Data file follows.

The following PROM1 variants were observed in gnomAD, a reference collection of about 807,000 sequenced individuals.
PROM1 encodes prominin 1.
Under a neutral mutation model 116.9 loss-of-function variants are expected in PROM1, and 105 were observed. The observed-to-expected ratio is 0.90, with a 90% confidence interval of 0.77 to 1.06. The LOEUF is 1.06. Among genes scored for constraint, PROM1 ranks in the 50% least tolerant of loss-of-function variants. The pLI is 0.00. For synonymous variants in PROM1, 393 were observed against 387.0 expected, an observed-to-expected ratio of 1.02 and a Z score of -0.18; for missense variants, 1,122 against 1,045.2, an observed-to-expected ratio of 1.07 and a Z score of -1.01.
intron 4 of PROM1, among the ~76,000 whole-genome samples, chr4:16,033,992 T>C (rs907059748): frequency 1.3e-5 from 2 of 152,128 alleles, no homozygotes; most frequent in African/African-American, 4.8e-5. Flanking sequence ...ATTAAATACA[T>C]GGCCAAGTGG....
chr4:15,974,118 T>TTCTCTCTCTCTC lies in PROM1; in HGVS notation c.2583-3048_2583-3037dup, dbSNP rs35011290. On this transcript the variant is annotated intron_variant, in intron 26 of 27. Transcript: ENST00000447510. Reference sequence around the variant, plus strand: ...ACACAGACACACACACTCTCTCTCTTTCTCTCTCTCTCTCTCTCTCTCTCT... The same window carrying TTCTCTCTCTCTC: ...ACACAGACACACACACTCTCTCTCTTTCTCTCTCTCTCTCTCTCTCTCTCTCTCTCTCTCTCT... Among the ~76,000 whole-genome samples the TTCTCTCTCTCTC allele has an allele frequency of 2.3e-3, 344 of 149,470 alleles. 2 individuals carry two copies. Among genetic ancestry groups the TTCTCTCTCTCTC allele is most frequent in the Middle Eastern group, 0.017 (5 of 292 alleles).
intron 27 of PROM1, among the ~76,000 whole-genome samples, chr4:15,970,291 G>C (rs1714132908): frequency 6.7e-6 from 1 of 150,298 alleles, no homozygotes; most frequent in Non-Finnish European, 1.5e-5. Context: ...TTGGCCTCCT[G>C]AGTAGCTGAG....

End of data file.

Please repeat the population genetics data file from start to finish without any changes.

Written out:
The following PROM1 variants were observed in gnomAD, a reference collection of about 807,000 sequenced individuals.
PROM1 encodes prominin 1.
Under a neutral mutation model 116.9 loss-of-function variants are expected in PROM1, and 105 were observed. The observed-to-expected ratio is 0.90, with a 90% confidence interval of 0.77 to 1.06. The LOEUF is 1.06. Among genes scored for constraint, PROM1 ranks in the 50% least tolerant of loss-of-function variants. The pLI is 0.00. For synonymous variants in PROM1, 393 were observed against 387.0 expected, an observed-to-expected ratio of 1.02 and a Z score of -0.18; for missense variants, 1,122 against 1,045.2, an observed-to-expected ratio of 1.07 and a Z score of -1.01.
intron 4 of PROM1, among the ~76,000 whole-genome samples, chr4:16,033,992 T>C (rs907059748): frequency 1.3e-5 from 2 of 152,128 alleles, no homozygotes; most frequent in African/African-American, 4.8e-5. Flanking sequence ...ATTAAATACA[T>C]GGCCAAGTGG....
chr4:15,974,118 T>TTCTCTCTCTCTC lies in PROM1; in HGVS notation c.2583-3048_2583-3037dup, dbSNP rs35011290. On this transcript the variant is annotated intron_variant, in intron 26 of 27. Transcript: ENST00000447510. Reference sequence around the variant, plus strand: ...ACACAGACACACACACTCTCTCTCTTTCTCTCTCTCTCTCTCTCTCTCTCT... The same window carrying TTCTCTCTCTCTC: ...ACACAGACACACACACTCTCTCTCTTTCTCTCTCTCTCTCTCTCTCTCTCTCTCTCTCTCTCT... Among the ~76,000 whole-genome samples the TTCTCTCTCTCTC allele has an allele frequency of 2.3e-3, 344 of 149,470 alleles. 2 individuals carry two copies. Among genetic ancestry groups the TTCTCTCTCTCTC allele is most frequent in the Middle Eastern group, 0.017 (5 of 292 alleles).
intron 27 of PROM1, among the ~76,000 whole-genome samples, chr4:15,970,291 G>C (rs1714132908): frequency 6.7e-6 from 1 of 150,298 alleles, no homozygotes; most frequent in Non-Finnish European, 1.5e-5. Context: ...TTGGCCTCCT[G>C]AGTAGCTGAG....